France, Italy Step Up Rescue Efforts After Floods

Emergency personnel attempt to remove fallen trees from a bridge in Breil-sur-Roya, south-eastern France, on October 4, 2020, after extensive flooding caused widespread damage in the Alpes-Maritimes departement. (Photo by NICOLAS TUCAT / AFP).

 

French and Italian rescue services stepped up search efforts Sunday after floods cut off several villages in the mountainous border regions, causing widespread damage and killing at least four people.

Others remained unaccounted for on the French side of the border after storms, torrential rain and flash floods battered the area, washing away roads and houses, cutting off entire villages and triggering landslips.

Emergency services recovered at least four bodies Sunday on the Mediterranean coast of Liguria, Italy, ANSA news agency and other Italian media reported.

Italian and French teams were working together to try to identify them, but it was not yet clear that they were victims of the flooding or if their deaths had another cause.

In Breil-sur-Roya, a French village close to the Italian border, houses were buried in mud and turned-over cars were stuck in the riverbed.

Rescue efforts were concentrated on the Roya valley where roughly 1,000 firefighters, backed by helicopters and the army, resumed their search for survivors and helped people whose homes were destroyed or inaccessible.

Storm Alex barrelled into France’s west coast on Thursday, bringing powerful winds and rain across the country before moving into northern Italy.

“What we are going through is extraordinary,” said Bernard Gonzalez, prefect of the Alpes-Maritimes region, after as much as 60 centimetres (two feet) of rain fell in 24 hours in the worst-affected areas.

Italy confirmed two people died Saturday, a volunteer firefighter on a rescue operation and a man whose car was washed away.

France also announced two fatalities. The first found was a shepherd whose body was pulled from a river near the border. Firefighters later announced a man had been found dead in his car in the southeastern village of Saint-Martin-Vesubie.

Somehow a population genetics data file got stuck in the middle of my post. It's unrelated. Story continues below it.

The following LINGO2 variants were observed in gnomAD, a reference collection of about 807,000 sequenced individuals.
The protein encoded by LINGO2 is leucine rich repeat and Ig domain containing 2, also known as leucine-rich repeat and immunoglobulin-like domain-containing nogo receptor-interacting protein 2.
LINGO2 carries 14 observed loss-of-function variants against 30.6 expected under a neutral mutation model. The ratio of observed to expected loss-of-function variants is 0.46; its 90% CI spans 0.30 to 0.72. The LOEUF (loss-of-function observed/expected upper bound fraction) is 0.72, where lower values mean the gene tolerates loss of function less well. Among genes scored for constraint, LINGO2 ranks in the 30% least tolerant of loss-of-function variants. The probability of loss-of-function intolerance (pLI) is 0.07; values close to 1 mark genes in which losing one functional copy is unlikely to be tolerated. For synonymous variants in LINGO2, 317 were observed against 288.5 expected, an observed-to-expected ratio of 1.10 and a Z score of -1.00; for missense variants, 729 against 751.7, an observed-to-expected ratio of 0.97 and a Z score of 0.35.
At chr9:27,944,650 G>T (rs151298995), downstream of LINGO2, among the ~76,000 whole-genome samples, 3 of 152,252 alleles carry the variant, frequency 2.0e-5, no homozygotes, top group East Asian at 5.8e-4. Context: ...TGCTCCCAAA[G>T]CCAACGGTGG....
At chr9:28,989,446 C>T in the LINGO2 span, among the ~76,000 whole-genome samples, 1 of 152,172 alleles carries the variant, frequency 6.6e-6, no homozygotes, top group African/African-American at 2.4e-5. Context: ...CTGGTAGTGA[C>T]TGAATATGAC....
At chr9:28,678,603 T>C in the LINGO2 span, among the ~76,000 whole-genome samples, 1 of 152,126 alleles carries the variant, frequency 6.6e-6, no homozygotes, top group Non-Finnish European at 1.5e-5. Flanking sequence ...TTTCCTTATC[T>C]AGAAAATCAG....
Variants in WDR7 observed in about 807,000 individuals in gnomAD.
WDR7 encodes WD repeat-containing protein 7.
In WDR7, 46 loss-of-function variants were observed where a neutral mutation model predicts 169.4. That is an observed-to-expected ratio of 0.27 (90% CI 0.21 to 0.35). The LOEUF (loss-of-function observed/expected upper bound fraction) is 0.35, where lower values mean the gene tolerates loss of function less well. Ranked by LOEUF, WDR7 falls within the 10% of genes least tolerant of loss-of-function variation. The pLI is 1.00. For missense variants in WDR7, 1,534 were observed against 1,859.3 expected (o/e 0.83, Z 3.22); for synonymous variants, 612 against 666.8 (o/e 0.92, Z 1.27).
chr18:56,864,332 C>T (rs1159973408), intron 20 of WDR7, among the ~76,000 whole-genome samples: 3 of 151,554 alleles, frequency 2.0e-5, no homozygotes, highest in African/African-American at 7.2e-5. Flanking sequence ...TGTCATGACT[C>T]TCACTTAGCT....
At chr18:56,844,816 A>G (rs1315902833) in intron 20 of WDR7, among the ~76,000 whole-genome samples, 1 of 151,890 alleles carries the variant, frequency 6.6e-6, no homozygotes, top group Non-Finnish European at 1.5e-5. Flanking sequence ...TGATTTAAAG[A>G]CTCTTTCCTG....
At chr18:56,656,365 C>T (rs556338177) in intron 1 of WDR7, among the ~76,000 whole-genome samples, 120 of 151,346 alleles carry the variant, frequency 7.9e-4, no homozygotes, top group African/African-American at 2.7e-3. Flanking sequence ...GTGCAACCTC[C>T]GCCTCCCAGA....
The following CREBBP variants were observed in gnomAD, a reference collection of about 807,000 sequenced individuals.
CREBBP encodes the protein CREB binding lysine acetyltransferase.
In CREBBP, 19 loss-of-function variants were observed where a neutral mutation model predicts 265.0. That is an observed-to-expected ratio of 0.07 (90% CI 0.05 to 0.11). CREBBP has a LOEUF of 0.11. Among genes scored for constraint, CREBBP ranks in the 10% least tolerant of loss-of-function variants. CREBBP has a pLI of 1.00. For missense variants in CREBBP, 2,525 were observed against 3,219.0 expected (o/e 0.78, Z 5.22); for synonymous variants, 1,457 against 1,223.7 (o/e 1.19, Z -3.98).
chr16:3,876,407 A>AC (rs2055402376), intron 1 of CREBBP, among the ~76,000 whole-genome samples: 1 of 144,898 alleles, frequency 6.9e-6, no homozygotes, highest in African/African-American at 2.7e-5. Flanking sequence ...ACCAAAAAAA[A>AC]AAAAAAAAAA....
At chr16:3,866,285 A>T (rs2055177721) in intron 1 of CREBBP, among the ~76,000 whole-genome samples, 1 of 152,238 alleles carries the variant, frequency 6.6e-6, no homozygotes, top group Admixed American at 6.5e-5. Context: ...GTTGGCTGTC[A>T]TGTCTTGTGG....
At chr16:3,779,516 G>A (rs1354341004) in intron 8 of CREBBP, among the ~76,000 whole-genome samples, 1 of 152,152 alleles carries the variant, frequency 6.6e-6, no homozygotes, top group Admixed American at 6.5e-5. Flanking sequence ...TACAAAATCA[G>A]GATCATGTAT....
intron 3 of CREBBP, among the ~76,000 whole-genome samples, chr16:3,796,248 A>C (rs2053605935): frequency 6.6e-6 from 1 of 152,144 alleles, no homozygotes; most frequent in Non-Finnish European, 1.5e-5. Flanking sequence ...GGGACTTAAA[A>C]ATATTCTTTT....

France has declared the region a natural disaster zone.

Saint-Martin-Vesubie, a village home to 1,400 north of Nice, was completely cut off by the storm.

A bedraggled group of tourists and residents gathered in the village square to be airlifted to safety, an AFPTV journalist said after reaching the site on foot.

“My three-storey house, it’s in the river,” said villager Sandra Dzidt, 62, who had to flee the floods dressed only in her nightgown. “All I have left is a tiny piece of wall and a door.”

Across the region, emergency crews were handing out food and airlifting thousands of bottles of water into remote villages cut off by the storms.

– ‘Helicopter procession’ –

French Prime Minister Jean Castex inspected the damage by helicopter on Saturday, saying he feared the number of people missing could rise after dozens of cars and several houses were swept away in apocalyptic scenes.

Gonzalez called on the families of the missing not to give up hope.

“Just because their loved ones haven’t been able to get in touch doesn’t mean that they have been taken by the storm,” he said.

Many landline and some mobile phone services were disrupted, with some villages using satellite phones to communicate with rescue services.